The Trojan War in Greek Historical Sources

Gates of Nineveh: An Experiment in Blogging Assyriology

The first modern ancient historians often took a harshly critical view of Homer. By the beginning of the modern era, western scholars generally held that the Iliad and Odyssey were myth, that the Trojan war was not an actual event and that the characters of Homer’s poems were not real people. Blaise Pascal wrote in Pensées that Homer “did not think of making a history, but solely a book to amuse; he is the only writer of his time; the beauty of the work has made it last.” He went on to write that “Every history which is not contemporaneous…[is] false, and found to be false in the course of time. It is not so with contemporaneous writers,”[1] which, if taken literally, would mean that this website is in fact a web of falsehood and the practice of studying history should cease. In his massive 11-volume History of Greece (published…

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What if Turkey’s Ataturk Didn’t Exist? What If Turkey Lost Its War for Independence After Fall of Ottomans?

Teaching History's Slender Threads, Including 'What Ifs', Almosts, Alternatives and Turning Points

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Map of (imaginary) partitioned Turkey and the new nation of Kurdistan, courtesy of Lehnaru, who wrote: “Another alternate history map! The Ottoman Empire loses even more badly in WW1 and completely falls apart. Greece wins the war against Turkey, is granted Cyprus by the British, annexes northern Epirus, and takes the Dodecanese from Italy. The Kurds, meanwhile, rightfully earn themselves a state and the Armenians rebuild and endure after the genocide. Russia was devastated by Germany and the civil war went on for quite a bit longer, enabling Georgian, Ukrainian, and Azerbaijani independence. Unfortunately, the French and British empires still betrayed their Arab allies and established their mandates in the Middle East.”

For this to happen, Mustafa Kemel (Ataturk) would not exist. By most accounts, he is one of the Great Men of History who almost single-handedly created the modern Turkish nation. His picture remains in a place of…

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Bakom

¡caPOWera!

Bakom is a hybrid martial art that originated in Peru. Former marine and jujutsu master Roberto Puch Bezada founded Bakom in the 1980s. Bezada was also a former convict from Villa el Salvador in Lima.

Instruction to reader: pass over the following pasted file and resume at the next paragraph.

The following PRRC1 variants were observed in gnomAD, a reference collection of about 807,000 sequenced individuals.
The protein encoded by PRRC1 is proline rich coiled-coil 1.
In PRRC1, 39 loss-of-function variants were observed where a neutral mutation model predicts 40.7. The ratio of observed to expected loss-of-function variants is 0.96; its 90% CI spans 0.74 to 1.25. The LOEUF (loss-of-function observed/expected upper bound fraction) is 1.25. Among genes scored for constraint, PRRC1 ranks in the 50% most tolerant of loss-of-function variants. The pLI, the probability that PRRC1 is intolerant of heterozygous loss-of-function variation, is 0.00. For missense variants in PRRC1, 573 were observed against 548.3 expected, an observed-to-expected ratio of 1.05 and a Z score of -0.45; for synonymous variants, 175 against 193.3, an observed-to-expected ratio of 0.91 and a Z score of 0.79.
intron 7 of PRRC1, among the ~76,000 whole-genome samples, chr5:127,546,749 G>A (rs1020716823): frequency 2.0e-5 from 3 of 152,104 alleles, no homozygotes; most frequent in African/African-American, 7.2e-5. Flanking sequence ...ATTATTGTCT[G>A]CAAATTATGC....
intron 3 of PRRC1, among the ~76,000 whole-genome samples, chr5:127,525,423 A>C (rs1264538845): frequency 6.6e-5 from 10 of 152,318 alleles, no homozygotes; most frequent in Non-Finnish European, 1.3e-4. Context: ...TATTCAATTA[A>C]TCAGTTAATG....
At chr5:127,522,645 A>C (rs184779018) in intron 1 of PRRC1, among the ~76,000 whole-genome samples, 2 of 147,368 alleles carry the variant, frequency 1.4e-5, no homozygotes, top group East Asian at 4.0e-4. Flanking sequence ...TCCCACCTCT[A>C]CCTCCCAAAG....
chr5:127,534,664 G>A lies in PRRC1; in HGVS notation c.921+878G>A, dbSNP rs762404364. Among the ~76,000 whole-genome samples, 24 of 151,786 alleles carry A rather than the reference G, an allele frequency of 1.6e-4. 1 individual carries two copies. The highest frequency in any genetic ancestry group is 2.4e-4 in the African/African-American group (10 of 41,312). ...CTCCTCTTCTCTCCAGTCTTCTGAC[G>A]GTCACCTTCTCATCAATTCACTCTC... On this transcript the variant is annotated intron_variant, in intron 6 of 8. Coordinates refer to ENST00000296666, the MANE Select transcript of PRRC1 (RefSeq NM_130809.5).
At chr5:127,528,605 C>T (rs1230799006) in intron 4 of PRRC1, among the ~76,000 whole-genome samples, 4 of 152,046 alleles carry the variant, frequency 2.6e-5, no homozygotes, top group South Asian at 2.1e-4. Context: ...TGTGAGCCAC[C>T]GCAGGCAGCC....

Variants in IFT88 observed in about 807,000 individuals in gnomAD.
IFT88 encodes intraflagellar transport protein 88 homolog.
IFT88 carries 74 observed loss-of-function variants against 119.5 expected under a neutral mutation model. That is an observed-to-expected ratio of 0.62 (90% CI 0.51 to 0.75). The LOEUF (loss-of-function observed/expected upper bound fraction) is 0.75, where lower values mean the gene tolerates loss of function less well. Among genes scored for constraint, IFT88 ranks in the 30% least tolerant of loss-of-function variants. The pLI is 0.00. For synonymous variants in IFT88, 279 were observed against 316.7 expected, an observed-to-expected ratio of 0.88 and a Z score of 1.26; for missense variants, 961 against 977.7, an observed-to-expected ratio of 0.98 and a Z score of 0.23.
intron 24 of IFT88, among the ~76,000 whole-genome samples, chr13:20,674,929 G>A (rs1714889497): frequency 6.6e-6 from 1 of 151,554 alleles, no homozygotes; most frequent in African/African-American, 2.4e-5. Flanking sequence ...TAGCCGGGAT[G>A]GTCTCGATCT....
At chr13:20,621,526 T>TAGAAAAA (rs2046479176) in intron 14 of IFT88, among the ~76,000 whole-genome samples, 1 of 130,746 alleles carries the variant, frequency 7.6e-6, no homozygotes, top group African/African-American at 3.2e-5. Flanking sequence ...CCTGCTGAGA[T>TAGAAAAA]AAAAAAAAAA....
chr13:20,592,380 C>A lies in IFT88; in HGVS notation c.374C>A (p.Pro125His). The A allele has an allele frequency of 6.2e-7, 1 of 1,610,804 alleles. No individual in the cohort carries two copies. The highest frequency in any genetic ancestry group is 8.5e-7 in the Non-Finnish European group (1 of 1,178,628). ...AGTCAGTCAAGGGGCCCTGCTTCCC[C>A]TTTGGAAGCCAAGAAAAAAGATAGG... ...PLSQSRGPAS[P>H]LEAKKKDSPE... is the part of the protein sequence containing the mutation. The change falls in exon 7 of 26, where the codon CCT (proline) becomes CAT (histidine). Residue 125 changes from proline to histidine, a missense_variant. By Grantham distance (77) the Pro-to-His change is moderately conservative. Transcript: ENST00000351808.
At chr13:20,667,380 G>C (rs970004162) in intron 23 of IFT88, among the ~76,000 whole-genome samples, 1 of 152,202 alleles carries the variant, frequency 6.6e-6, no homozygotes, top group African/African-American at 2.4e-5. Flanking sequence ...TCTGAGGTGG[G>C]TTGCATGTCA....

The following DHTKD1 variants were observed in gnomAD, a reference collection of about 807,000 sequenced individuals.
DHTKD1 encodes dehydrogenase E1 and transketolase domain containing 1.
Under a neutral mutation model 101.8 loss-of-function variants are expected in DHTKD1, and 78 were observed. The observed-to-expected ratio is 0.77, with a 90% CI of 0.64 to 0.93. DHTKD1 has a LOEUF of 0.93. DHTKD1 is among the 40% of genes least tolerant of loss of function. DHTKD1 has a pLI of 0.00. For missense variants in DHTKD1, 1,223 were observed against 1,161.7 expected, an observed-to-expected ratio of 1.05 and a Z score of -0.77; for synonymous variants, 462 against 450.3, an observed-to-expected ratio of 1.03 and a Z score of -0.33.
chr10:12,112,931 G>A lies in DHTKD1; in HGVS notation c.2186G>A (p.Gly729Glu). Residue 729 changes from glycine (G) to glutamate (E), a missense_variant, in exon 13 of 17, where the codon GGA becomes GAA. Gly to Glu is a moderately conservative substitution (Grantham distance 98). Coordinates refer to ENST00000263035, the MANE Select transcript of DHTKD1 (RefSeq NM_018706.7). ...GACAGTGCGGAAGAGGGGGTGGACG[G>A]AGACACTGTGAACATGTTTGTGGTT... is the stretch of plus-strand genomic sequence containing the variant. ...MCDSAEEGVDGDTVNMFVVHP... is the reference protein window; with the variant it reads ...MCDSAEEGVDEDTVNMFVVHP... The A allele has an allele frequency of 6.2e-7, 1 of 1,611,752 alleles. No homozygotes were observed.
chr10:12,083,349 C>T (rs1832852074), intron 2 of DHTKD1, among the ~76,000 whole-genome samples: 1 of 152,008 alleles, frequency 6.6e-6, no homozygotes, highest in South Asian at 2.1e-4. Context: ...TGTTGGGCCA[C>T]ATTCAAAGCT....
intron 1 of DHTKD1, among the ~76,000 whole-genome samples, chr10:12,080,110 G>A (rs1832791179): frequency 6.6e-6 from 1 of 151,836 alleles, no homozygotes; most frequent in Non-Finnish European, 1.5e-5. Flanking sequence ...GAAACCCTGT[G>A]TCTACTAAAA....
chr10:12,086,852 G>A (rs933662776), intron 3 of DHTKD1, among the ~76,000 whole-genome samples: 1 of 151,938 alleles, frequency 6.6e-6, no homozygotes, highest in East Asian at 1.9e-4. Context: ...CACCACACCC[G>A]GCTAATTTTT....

Bakom is recognized as a hybrid martial art because it mixes martial arts like jujutsu with street fighting techniques. Jujutsu involves defeating an opponent without a weapon, or with a small weapon.

The street fighting smash mouth style came from the slums at the edge of Lima. Bakom required an emphasis on power, with the attacks designed to ruin an opponents balance. There is also an element of surprise and deception as fighters can use hidden, secretive weapons in battle.

What makes Bakom distinct from other combat practices is the vicious nature of the martial art. The fighting style is made to inflict the maximum amount of pain on the opponent and become too…

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Gate….Or how Anime ruin their own premise just so they can have a harem and pander to otakus.

Fate

Gate was one of those anime of recent season that many people followed whether they liked it or not, simply because they wanted to see how it would turn out. And the reason for that is that Gate has a premise that makes it very easy for the viewer to get hooked onto. I mean really, which one of us didn’t imagine a fantasy vs modern weapons scenario, at least once? It’s just something that by its nature would be interesting to see being played out, because the scenario itself has a lot of potential. The scenario of Gate is essentially that of Native Americans vs Conquering Europeans, expect instead of Native Americans we have a fantasy empire and the Europeans are replaced by the Japanese Self “Defense” Forces or JSDF. Either way, the cultural exchange alone would have made this series worth watching.

Clash1

But sadly Gate trashed its…

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On Being Bullied in Japan

This Japanese Life.

scapegoats